Editorial Board   Guest Author

Ms. Stiel

Holly Stiel

President, Thank You Very Much Inc.

Holly Stiel, President of Thank You Very Much Inc is a trailblazing service philosopher who innovated a method of training based on the practices and principles of the world-class concierge. Her clients include: Disney, Nordstrom, AVEDA, American Express, Visa Signature card and Auberge Resorts, to name a few. Through the partnership with her team at StielMedia, Ms. Stiel has developed the corporate service training programs for four brands of the Hilton Family of Hotels, Hyatt Place Hotels, Auberge Resorts and Premiere Resorts, as well as three award-winning interactive DVD programs. In 1976, Ms. Stiel became the first female concierge in the country when she created the desk at the Grand Hyatt Union Square in San Francisco. Two years later she was the first American woman to be admitted to the exclusive Les Clefs d'Or Association for concierges. She recently received the association's Lifetime Achievement award for her broad contributions to her profession. Ms. Stiel was the first female and non-corporate executive to receive the "Distinguished Visiting Professor" Chair from Johnson and Wales University. Ms. Stiel has written four books : the newly released textbook, The Art and Science of the Hotel Concierge. Ultimate Service, The Complete Handbook to the World of the Concierge, Thank You Very Much - A Book for Anyone Who Has Ever Said, “May I Help you?,” and The Neon Signs of Service.

Ms. Stiel can be contacted at 415-383-4220 or Thankyouinc@aol.com

Coming up in December 2019...

Hotel Law: A Labor Crisis and Cyber Security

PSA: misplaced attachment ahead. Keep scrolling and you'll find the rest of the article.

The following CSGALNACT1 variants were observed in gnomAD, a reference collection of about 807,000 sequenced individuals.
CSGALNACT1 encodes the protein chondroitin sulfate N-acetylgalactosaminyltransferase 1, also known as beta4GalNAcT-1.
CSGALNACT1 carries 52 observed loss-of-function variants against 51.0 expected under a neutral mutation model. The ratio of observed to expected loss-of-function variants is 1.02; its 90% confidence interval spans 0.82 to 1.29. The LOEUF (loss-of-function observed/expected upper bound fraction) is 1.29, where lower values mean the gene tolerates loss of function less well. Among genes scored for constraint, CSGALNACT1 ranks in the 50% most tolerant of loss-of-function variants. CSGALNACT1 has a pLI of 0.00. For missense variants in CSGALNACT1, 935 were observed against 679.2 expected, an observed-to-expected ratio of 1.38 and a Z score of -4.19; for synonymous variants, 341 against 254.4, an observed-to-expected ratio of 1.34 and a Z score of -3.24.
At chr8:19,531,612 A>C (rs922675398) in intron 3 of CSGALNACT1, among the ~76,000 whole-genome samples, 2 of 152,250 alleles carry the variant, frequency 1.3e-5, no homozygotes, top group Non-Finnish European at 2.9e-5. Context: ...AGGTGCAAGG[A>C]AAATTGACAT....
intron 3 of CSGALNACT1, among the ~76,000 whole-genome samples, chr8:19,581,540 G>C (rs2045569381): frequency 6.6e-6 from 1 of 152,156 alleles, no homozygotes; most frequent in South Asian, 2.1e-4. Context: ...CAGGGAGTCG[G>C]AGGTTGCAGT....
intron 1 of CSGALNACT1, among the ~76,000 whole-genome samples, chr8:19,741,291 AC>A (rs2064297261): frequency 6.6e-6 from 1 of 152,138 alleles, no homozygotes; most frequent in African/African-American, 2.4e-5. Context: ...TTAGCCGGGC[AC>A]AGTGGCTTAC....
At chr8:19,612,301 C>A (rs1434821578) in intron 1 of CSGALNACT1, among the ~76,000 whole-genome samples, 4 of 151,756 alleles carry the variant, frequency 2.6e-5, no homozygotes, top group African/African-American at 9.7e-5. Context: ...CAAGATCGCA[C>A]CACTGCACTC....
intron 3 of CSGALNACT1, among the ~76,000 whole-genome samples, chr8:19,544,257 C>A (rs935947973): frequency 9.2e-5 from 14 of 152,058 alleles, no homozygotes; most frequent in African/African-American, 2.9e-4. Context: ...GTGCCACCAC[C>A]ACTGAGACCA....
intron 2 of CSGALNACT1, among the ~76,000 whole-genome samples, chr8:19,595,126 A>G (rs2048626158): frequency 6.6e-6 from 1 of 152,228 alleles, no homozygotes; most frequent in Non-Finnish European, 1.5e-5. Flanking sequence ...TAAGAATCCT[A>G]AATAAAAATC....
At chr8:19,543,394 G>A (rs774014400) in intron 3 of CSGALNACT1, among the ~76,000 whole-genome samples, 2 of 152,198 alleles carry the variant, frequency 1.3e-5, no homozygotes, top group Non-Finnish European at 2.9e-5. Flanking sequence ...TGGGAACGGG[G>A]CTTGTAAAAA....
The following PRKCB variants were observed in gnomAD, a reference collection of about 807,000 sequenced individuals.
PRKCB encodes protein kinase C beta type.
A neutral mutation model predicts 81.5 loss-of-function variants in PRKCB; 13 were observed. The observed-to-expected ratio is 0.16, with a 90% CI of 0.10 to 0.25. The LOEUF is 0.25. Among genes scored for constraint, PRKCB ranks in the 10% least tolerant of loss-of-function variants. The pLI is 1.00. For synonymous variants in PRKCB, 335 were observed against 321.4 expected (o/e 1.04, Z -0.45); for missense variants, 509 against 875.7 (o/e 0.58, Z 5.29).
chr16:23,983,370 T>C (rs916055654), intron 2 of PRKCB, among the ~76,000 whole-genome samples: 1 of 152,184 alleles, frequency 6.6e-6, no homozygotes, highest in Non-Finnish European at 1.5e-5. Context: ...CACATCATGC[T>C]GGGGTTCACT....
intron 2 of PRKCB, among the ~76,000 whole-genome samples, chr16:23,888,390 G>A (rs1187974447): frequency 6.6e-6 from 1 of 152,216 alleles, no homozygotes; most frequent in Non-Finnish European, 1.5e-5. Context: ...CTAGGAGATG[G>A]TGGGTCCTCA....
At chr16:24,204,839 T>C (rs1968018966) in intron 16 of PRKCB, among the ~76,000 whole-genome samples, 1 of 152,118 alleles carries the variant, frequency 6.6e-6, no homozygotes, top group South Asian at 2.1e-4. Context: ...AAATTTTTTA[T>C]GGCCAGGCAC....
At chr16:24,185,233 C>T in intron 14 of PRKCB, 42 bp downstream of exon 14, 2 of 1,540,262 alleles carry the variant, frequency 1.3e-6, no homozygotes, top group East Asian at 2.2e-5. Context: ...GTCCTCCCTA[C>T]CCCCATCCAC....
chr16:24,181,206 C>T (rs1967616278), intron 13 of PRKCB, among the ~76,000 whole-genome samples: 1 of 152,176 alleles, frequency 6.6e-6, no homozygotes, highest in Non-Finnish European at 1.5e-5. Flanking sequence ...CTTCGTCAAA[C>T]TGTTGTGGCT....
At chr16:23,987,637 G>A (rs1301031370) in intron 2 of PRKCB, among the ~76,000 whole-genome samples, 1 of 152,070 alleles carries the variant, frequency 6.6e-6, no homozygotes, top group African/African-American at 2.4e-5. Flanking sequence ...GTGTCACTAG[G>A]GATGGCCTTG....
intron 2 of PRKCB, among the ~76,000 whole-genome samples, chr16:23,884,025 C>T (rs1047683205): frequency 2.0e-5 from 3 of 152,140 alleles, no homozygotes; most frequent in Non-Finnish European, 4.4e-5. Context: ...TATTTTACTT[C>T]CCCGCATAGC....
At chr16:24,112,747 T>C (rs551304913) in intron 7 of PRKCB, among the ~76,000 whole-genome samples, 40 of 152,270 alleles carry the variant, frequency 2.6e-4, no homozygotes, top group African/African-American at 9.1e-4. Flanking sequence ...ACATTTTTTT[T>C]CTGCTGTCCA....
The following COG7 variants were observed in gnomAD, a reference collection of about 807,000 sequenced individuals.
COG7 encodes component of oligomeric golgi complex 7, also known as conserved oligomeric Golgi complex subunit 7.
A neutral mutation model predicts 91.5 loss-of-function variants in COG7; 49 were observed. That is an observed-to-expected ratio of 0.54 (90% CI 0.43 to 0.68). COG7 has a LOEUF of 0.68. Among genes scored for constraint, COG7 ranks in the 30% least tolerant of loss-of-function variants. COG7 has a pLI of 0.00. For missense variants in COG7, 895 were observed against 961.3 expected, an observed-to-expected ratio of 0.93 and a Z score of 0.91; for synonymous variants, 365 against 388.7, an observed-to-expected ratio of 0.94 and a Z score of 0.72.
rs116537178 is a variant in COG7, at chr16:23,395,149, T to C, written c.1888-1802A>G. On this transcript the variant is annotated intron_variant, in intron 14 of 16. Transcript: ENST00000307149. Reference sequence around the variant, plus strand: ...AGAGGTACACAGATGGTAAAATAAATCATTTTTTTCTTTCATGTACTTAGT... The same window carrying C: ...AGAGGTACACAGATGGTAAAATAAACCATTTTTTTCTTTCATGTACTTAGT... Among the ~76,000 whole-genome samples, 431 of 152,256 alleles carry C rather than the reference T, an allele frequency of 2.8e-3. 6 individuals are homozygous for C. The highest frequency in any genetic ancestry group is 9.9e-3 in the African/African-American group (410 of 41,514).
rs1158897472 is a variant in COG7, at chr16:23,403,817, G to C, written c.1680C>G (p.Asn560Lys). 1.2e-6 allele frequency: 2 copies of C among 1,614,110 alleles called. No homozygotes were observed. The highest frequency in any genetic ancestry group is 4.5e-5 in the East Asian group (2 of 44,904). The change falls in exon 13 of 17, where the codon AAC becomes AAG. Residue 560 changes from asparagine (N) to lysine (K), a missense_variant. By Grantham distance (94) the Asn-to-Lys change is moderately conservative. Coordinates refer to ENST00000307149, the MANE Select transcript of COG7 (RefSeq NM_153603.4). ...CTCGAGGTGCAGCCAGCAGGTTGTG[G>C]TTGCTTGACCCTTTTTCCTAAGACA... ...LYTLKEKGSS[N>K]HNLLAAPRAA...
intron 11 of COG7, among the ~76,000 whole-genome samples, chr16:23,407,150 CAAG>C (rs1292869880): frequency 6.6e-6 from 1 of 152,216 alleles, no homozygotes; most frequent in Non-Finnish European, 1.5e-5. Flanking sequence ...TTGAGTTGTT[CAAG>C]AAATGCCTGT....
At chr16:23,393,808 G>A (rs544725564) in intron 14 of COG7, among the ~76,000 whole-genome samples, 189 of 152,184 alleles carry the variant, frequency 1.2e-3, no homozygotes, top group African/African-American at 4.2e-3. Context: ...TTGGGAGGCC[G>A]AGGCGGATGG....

According to a recent study, the hospitality industry accounted for 2.9 trillion dollars in sales and in the U.S. alone, was responsible for 1 in 9 jobs. In an industry of that scope and dimension, legal issues touch every aspect of a hotel's operation, and legal services are required in order to conform to all prevailing laws and regulations. Though not all hotels face the same issues, there are some industry-wide subjects that are of concern more broadly. One of those matters is the issue of immigration and how it affects the ability of hotels to recruit qualified employees. The hotel industry is currently facing a labor crisis; the U.S. Labor Department estimates that there are 600,000 unfilled jobs in the industry. Part of the problem contributing to this labor shortage is the lack of H2B visas for low-skilled workers, combined with the difficulty in obtaining J-1 visas for temporary workers. Because comprehensive immigration reform is not being addressed politically, hotel managers expect things are going to get worse before they get better. Corporate cyber security is another major legal issue the industry must address. Hotels are under enormous pressure in this area given the large volume of customer financial transactions they handle daily. Recently, a federal court ruled that the Federal Trade Commission had the power to regulate corporate cyber security, so it is incumbent on hotels to establish data security programs in order to prevent data breaches. The lack of such programs could cause hotels to face legal threats from government agencies, class action lawsuits, and damage to their brand image if a data breach should occur. These are just two of the critical issues that the December issue of Hotel Business Review will examine in the area of hotel law.